The U.S. Government Engagement in Global Health: A Primer
Attention to global health by governments, policymakers, media, business leaders, and other institutions has increased markedly in recent decades, with a particular focus on health challenges facing low- and middle-income countries. This has led to growing funding, the establishment of new institutions and global goals, and a burgeoning community of stakeholders.
The U.S. government has long supported health programs as an element of foreign aid and development assistance, and is the largest donor to global health. These programs have grown in size and prominence over time, most notably with the launch of the President’s Emergency Plan for AIDS Relief (PEPFAR) and the President’s Malaria Initiative (PMI), and the U.S. government support of the creation of the multilateral organization, the Global Fund to Fight AIDS, Tuberculosis and Malaria (the Global Fund), in the early 2000s. Today, the U.S. government remains the largest funder and implementer of global health programs worldwide, and global health remains the largest component of U.S. foreign assistance, although funding has leveled in recent years. In addition, the current Administration has proposed to reduce the U.S. global health budget and pull back from multilateral engagement, creating questions about the future of U.S. support.
This @KaiserFamFound primer examines how the U.S. government engages on #globalhealth issues, including the agencies, programs and budgets that support this work.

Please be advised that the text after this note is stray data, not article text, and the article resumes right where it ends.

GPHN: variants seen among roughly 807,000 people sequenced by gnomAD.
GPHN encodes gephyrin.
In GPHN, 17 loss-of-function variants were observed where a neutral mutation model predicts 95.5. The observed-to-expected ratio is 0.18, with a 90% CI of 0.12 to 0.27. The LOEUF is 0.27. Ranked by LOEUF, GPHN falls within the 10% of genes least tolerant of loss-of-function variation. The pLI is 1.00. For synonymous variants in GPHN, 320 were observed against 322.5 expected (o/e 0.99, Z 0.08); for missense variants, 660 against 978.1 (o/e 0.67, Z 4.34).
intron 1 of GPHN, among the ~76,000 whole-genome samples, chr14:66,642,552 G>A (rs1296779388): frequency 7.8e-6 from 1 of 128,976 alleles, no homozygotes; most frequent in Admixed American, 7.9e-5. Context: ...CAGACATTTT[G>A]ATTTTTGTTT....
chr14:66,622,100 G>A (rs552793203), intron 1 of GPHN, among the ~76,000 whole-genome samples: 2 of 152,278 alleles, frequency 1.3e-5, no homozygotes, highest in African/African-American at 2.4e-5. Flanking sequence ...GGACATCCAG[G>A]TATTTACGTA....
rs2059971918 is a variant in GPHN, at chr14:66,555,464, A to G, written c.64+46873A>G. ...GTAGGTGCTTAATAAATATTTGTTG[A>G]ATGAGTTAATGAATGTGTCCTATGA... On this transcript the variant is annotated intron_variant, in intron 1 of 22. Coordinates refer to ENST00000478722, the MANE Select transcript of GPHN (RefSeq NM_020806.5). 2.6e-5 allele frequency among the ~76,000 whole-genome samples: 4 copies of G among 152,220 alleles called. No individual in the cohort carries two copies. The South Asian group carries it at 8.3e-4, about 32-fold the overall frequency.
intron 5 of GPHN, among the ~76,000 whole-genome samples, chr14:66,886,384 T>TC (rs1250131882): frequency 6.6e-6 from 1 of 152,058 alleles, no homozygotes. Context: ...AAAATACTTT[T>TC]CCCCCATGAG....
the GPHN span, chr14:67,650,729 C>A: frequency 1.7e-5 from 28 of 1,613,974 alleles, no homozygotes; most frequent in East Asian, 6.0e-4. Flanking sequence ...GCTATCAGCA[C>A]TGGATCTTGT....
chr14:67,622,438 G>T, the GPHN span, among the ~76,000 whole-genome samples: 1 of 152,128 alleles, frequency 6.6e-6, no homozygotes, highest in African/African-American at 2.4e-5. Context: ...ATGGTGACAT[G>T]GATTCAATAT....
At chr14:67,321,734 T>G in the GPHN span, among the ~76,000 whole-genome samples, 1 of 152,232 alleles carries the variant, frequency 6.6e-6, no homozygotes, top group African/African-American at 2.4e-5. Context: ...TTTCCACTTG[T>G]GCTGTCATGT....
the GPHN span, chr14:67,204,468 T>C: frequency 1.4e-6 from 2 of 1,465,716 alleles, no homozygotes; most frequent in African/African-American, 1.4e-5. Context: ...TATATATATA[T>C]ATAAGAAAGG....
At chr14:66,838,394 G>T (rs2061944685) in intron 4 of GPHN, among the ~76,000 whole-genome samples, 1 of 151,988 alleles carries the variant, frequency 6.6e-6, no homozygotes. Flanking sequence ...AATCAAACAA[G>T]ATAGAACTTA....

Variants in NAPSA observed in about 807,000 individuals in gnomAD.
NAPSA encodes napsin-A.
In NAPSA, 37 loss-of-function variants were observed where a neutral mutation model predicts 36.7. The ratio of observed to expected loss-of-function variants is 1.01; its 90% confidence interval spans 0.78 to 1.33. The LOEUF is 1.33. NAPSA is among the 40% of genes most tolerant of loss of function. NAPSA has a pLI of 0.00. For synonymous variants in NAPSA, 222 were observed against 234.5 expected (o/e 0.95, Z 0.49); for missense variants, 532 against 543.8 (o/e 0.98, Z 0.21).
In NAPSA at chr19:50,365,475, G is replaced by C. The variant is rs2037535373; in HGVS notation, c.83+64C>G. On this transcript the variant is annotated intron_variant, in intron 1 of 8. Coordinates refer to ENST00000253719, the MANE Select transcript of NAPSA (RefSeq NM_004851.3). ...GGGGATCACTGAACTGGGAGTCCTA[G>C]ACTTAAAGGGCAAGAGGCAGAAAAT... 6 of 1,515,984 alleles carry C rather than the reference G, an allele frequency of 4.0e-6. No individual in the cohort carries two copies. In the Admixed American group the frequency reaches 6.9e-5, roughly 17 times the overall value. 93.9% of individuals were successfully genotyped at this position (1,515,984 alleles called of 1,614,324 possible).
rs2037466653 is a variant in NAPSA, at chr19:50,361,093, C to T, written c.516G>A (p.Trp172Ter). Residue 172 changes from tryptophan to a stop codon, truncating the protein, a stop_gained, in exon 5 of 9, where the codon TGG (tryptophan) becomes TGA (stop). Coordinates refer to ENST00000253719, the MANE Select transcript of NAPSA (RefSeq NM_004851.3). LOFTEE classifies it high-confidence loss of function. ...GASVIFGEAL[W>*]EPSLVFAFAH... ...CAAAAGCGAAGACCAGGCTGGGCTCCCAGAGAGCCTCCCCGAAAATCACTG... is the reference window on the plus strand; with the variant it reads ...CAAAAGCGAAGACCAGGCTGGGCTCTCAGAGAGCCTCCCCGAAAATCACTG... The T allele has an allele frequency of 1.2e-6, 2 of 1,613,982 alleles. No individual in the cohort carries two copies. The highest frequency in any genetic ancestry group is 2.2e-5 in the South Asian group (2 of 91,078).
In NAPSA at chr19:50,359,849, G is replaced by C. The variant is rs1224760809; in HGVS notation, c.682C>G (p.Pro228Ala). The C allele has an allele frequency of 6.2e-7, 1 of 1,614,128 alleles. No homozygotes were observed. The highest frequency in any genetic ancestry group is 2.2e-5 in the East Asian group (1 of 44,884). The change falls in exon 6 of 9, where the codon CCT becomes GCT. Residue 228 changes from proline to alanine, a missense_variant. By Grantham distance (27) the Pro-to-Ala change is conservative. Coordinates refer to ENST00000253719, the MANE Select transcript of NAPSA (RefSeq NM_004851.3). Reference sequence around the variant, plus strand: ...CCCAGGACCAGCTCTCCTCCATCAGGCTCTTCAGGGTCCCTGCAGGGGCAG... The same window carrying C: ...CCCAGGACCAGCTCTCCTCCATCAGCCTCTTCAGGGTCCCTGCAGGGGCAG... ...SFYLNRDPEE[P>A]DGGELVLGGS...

The U.S. global health response is complex, a multi-pronged, multi-billion dollar investment involving many different U.S. government departments and agencies, congressional committees, initiatives, and funding streams and targeting a myriad of global health challenges and countries.1 This primer provides basic information about global health and the U.S. government’s response in low- and middle-income countries. Although it focuses primarily on the U.S. government, it is important to acknowledge the role played by other countries, multilateral organizations, and private sector actors, such as non-governmental organizations (NGOs), foundations, corporations, and others, in the global health response.
The first several sections of this primer provide an overview of the field of global health and describe current global health issues. Subsequent sections describe U.S. government support for global health, including the programs addressing global health challenges, the organization of the U.S. response, the budgets and financing of U.S. global health programs, and the U.S. government’s relationship with multilateral institutions and international partners. More global health policy resources, information, and analysis from KFF are available online.